Michigan residents lose ‘right to farm’ in backyards, smaller properties

Backyard chickens (Source: MLive.com)
Backyard chickens (Source: MLive.com)
Backyard chickens (Source: MLive.com)

MICHIGAN — Property rights took a hit this week when the Michigan Commission of Agriculture and Rural Development voted to to take away protections for backyard farmers statewide — which will result in many small farms being shut down.

Backyard and urban farms were previously protected by Michigan’s Right to Farm Act.  The Act stated that local ordinances could not trump the state’s Generally Accepted Agriculture Management Practices (GAAMP).  After the rule change, however, these protections no longer apply to many homeowners who keep small numbers of livestock.

Lands that are located within 1/8 mile proximity to 13 neighboring homes, or that are 250-feet away from just one neighboring home, will no longer receive protection of the Right to Farm Act.  The regulatory mess is going to shut down many small farms completely, and leave many others with large sections of property that is prohibited for farm use.

“They don’t want us little guys feeding ourselves. They want us to go all to the big farms. They want to do away with small farms and I believe that is what’s motivating it.”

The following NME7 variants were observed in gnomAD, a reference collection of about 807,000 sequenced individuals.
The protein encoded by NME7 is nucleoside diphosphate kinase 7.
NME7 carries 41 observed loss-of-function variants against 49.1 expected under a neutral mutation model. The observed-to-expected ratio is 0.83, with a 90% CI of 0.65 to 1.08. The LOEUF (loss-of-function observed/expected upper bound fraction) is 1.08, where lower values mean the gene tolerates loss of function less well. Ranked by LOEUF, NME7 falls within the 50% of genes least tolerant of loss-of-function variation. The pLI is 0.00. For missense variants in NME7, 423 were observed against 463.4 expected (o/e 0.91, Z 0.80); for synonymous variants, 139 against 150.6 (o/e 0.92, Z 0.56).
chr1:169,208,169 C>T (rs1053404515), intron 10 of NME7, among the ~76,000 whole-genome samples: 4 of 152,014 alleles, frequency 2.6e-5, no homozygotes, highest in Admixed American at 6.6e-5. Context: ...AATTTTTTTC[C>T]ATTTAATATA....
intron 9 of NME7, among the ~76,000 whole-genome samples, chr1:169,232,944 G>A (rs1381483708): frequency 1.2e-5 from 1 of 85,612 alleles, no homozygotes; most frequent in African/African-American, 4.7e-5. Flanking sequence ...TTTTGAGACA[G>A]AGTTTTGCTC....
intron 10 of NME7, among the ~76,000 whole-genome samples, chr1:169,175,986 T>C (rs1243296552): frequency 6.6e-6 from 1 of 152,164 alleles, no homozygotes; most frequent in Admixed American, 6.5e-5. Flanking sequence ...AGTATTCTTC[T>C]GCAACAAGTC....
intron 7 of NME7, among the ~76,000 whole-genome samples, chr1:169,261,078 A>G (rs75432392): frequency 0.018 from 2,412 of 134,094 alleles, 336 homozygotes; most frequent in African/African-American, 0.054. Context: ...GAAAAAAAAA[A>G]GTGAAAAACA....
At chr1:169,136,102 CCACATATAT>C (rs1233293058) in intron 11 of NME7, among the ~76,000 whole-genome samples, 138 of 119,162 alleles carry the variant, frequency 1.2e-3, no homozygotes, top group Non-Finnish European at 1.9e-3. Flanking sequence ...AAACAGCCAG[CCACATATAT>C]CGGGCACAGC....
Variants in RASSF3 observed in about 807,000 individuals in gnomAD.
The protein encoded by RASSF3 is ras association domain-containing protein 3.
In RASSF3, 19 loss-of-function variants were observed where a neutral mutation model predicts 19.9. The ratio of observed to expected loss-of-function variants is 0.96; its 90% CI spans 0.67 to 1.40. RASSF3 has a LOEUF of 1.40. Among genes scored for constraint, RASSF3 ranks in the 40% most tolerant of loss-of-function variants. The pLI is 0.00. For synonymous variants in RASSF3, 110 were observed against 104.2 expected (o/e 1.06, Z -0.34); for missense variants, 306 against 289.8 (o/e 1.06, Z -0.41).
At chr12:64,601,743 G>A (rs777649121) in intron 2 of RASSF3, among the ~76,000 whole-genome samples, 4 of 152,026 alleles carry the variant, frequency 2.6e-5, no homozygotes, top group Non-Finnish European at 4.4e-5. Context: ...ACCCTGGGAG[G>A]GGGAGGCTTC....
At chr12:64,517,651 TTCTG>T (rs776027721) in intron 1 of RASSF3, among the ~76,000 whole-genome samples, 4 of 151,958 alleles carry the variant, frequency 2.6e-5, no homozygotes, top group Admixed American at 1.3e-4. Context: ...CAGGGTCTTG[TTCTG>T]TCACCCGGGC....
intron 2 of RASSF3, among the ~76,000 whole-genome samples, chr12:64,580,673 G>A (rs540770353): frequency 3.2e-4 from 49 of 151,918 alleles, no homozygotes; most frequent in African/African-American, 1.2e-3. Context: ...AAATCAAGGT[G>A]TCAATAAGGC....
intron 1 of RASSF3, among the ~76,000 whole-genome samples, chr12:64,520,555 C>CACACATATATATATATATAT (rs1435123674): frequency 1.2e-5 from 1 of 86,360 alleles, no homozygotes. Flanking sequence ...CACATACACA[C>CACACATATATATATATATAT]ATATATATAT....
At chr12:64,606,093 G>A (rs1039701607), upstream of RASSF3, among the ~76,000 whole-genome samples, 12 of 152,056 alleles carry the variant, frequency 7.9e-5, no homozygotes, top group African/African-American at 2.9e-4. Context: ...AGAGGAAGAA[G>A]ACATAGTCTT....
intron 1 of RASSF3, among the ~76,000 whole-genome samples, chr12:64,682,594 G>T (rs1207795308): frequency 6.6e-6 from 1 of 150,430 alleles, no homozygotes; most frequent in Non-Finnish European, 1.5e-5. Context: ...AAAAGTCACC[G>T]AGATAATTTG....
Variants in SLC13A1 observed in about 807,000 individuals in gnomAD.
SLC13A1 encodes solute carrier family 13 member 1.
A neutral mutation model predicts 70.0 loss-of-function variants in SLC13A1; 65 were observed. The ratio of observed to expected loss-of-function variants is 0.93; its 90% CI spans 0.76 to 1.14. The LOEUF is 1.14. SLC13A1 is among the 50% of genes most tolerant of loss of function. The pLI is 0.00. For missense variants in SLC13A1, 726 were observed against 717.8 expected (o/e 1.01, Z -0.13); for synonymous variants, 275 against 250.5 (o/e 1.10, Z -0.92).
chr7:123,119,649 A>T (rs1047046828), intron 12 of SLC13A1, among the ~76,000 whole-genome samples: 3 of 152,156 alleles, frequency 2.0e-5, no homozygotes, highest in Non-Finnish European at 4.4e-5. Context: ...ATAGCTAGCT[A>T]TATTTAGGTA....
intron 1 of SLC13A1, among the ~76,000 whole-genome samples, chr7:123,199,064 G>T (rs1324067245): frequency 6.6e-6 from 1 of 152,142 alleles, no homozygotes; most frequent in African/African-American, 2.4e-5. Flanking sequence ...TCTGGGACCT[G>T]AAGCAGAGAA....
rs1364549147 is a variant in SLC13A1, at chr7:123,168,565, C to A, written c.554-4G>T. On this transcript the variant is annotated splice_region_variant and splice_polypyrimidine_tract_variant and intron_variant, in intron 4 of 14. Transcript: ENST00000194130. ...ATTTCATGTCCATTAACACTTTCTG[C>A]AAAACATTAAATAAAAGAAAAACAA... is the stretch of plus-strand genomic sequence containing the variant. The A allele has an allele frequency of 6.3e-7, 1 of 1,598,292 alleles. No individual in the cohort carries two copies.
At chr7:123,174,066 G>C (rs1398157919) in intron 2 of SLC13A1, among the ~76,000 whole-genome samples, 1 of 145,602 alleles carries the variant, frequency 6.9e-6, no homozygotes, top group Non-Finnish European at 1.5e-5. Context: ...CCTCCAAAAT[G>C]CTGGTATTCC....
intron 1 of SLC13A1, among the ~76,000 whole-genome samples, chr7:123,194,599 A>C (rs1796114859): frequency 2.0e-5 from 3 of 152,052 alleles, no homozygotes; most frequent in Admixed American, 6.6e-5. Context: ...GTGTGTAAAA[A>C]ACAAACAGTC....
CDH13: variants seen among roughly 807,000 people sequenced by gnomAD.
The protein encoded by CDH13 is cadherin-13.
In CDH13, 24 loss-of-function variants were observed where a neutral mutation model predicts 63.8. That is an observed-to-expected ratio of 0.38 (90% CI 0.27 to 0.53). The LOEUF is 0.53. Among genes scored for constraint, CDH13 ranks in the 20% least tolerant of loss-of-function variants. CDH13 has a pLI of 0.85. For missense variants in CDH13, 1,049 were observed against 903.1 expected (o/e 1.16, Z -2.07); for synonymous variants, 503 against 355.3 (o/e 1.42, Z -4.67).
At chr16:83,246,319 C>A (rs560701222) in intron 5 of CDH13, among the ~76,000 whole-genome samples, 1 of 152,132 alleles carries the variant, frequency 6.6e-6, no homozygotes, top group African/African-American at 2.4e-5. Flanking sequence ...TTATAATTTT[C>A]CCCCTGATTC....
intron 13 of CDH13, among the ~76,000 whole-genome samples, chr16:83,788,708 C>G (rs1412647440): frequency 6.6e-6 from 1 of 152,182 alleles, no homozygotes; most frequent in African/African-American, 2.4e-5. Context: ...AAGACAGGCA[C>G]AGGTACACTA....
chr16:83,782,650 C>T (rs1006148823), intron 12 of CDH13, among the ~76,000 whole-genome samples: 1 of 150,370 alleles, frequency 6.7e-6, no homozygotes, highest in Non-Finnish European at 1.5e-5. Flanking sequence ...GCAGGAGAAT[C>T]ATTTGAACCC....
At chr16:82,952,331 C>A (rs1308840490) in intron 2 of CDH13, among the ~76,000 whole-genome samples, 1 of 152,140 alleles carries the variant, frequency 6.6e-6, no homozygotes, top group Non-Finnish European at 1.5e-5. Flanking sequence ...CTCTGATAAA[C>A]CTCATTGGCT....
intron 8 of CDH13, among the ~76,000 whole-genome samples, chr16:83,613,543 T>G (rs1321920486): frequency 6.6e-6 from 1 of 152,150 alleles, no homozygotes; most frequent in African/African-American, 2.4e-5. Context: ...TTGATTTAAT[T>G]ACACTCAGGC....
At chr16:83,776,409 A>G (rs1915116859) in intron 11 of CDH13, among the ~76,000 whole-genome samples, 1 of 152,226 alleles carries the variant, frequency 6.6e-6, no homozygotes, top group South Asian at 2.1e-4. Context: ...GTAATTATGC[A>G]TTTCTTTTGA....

Backyard farmers who raise their own chickens, goats, pigs, and honey may have to give up their operations and go back to shopping for mass produced meats at the supermarket.

One small farmer, Michelle Regalado Deatrick, told MLive that half of her 80-acre farm may be zoned out of use, as it falls into “Category 3,” which is described as “generally not suitable for livestock production facilities.”

Kim White, who raises chickens and rabbits, said, “They don’t want us little guys feeding ourselves. They want us to go all to the big farms. They want to do away with small farms and I believe that is what’s motivating it.”

This movement shut down small farmers is a boon for large industrial farms, which will benefit from the lack of competition.   Sustaining one’s family with homegrown food is a basic right; destroying it makes everyone more dependent on large, politically-connected corporations.

On principle,  every American should be concerned about the continued destruction of property rights.  When a “property owner” must pay the government annual duties and ask for permission do do basic things, it is apparent that the only real entity that may every actually own any land is the government.

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Tell the department to protect the rights of small farmers!

Michigan Department of Agriculture and Rural Development
Phone:  1-800-292-3939
Email: MDA-Info@Michigan.gov
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